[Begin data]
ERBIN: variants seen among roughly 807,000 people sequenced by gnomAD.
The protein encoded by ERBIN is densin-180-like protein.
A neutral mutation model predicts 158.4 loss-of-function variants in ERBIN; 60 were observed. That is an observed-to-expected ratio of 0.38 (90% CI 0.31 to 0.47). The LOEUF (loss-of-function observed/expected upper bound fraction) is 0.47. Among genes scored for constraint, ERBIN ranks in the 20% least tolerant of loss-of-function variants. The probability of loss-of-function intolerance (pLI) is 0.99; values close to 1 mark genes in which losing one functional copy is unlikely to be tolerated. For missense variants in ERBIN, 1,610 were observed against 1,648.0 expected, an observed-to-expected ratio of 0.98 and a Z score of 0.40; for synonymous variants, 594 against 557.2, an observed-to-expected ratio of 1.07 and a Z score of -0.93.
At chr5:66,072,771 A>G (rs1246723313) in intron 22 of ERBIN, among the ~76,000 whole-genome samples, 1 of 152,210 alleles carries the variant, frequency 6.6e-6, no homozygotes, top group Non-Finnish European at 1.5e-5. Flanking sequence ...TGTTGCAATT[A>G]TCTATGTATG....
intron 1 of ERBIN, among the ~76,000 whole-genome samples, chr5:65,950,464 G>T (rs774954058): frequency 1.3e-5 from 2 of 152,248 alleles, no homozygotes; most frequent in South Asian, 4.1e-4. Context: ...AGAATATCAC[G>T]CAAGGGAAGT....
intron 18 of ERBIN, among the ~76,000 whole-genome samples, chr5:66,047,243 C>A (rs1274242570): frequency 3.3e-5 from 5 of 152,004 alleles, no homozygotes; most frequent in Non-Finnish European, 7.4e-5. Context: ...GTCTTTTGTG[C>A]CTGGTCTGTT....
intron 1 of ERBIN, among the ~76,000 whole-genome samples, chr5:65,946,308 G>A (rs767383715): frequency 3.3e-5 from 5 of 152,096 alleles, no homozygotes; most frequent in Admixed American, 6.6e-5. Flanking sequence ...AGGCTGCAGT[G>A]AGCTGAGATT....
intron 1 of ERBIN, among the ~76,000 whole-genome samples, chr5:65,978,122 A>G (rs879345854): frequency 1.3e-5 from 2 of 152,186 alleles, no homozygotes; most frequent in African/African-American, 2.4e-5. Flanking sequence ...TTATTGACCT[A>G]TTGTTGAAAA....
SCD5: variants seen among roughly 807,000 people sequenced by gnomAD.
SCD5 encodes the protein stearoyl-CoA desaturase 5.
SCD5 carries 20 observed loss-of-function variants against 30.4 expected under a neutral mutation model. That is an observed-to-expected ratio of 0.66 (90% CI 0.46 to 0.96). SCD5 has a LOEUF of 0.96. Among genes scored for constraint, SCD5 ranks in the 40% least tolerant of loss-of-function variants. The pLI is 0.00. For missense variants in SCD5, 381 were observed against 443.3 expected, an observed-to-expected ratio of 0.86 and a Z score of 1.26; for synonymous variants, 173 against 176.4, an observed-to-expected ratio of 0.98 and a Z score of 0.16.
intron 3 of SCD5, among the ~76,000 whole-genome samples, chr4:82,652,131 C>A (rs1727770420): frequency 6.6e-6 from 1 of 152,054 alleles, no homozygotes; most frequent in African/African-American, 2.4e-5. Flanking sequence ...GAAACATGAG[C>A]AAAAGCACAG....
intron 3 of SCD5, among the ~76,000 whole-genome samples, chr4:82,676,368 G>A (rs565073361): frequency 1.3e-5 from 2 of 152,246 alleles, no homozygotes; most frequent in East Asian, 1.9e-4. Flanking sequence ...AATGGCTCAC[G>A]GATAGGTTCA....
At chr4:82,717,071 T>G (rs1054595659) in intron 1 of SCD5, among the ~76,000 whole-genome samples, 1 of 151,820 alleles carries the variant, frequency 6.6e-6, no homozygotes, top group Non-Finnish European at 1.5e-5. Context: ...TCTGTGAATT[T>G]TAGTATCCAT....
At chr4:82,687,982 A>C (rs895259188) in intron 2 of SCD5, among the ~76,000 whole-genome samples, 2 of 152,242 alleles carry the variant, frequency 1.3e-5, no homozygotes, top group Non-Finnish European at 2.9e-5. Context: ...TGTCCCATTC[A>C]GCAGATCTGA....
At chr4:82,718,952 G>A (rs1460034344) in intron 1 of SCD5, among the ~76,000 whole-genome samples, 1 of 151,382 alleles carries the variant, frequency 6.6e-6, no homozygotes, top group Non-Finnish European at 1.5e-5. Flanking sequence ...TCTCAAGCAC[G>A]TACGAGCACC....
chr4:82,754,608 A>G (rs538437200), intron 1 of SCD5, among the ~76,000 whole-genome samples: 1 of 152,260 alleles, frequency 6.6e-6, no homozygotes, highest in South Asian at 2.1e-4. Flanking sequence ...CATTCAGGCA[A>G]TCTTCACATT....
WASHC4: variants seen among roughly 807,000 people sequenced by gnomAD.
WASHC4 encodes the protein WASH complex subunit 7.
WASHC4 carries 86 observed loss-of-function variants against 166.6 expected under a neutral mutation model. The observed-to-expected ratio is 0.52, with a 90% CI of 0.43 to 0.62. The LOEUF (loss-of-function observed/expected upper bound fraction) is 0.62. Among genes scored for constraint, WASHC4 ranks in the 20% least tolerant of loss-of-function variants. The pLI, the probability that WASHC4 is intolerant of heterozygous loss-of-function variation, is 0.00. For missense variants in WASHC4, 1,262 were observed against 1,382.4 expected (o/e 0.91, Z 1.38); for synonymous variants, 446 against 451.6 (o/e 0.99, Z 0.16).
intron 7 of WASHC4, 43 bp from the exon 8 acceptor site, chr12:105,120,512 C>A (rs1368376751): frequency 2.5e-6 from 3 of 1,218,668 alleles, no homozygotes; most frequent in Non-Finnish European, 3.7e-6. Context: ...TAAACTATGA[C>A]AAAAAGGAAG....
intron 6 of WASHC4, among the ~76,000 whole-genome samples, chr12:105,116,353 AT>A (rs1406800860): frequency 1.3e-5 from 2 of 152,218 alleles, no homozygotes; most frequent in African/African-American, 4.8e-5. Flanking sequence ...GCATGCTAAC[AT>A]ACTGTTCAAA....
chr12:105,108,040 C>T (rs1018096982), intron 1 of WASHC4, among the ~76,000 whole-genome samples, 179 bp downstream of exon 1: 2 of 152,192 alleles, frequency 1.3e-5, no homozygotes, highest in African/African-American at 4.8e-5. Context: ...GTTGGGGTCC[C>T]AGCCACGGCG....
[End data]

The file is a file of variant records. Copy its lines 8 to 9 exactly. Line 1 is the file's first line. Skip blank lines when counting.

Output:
intron 1 of ERBIN, among the ~76,000 whole-genome samples, chr5:65,978,122 A>G (rs879345854): frequency 1.3e-5 from 2 of 152,186 alleles, no homozygotes; most frequent in African/African-American, 2.4e-5. Flanking sequence ...TTATTGACCT[A>G]TTGTTGAAAA....
SCD5: variants seen among roughly 807,000 people sequenced by gnomAD.